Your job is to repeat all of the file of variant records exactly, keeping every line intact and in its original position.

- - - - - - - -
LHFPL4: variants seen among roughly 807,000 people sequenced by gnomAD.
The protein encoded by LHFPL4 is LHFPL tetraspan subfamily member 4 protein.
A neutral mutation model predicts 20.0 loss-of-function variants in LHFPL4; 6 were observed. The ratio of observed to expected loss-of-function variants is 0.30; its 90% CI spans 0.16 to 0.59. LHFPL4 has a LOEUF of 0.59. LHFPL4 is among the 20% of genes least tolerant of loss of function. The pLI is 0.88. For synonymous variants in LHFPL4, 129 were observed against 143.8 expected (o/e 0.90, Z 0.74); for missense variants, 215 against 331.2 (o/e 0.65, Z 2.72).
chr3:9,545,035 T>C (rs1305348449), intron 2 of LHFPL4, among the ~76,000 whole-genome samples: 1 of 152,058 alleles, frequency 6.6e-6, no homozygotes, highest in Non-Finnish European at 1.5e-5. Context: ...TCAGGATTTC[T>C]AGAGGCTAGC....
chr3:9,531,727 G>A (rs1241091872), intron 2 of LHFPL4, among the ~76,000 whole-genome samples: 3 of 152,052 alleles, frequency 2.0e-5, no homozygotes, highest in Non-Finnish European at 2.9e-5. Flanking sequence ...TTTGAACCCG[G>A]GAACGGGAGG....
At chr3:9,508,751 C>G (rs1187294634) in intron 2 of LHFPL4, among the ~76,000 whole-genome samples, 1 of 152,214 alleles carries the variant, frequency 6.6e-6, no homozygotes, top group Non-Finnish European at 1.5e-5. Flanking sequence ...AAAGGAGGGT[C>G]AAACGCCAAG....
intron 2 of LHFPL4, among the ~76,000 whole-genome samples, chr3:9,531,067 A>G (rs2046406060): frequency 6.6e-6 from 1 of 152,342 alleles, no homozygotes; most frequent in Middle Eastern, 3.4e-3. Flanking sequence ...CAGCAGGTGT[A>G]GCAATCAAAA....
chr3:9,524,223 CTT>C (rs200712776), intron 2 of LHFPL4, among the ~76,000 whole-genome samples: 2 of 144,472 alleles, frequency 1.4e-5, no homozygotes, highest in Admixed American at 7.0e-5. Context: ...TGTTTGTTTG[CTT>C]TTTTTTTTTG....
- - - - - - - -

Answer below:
LHFPL4: variants seen among roughly 807,000 people sequenced by gnomAD.
The protein encoded by LHFPL4 is LHFPL tetraspan subfamily member 4 protein.
A neutral mutation model predicts 20.0 loss-of-function variants in LHFPL4; 6 were observed. The ratio of observed to expected loss-of-function variants is 0.30; its 90% CI spans 0.16 to 0.59. LHFPL4 has a LOEUF of 0.59. LHFPL4 is among the 20% of genes least tolerant of loss of function. The pLI is 0.88. For synonymous variants in LHFPL4, 129 were observed against 143.8 expected (o/e 0.90, Z 0.74); for missense variants, 215 against 331.2 (o/e 0.65, Z 2.72).
chr3:9,545,035 T>C (rs1305348449), intron 2 of LHFPL4, among the ~76,000 whole-genome samples: 1 of 152,058 alleles, frequency 6.6e-6, no homozygotes, highest in Non-Finnish European at 1.5e-5. Context: ...TCAGGATTTC[T>C]AGAGGCTAGC....
chr3:9,531,727 G>A (rs1241091872), intron 2 of LHFPL4, among the ~76,000 whole-genome samples: 3 of 152,052 alleles, frequency 2.0e-5, no homozygotes, highest in Non-Finnish European at 2.9e-5. Flanking sequence ...TTTGAACCCG[G>A]GAACGGGAGG....
At chr3:9,508,751 C>G (rs1187294634) in intron 2 of LHFPL4, among the ~76,000 whole-genome samples, 1 of 152,214 alleles carries the variant, frequency 6.6e-6, no homozygotes, top group Non-Finnish European at 1.5e-5. Flanking sequence ...AAAGGAGGGT[C>G]AAACGCCAAG....
intron 2 of LHFPL4, among the ~76,000 whole-genome samples, chr3:9,531,067 A>G (rs2046406060): frequency 6.6e-6 from 1 of 152,342 alleles, no homozygotes; most frequent in Middle Eastern, 3.4e-3. Flanking sequence ...CAGCAGGTGT[A>G]GCAATCAAAA....
chr3:9,524,223 CTT>C (rs200712776), intron 2 of LHFPL4, among the ~76,000 whole-genome samples: 2 of 144,472 alleles, frequency 1.4e-5, no homozygotes, highest in Admixed American at 7.0e-5. Context: ...TGTTTGTTTG[CTT>C]TTTTTTTTTG....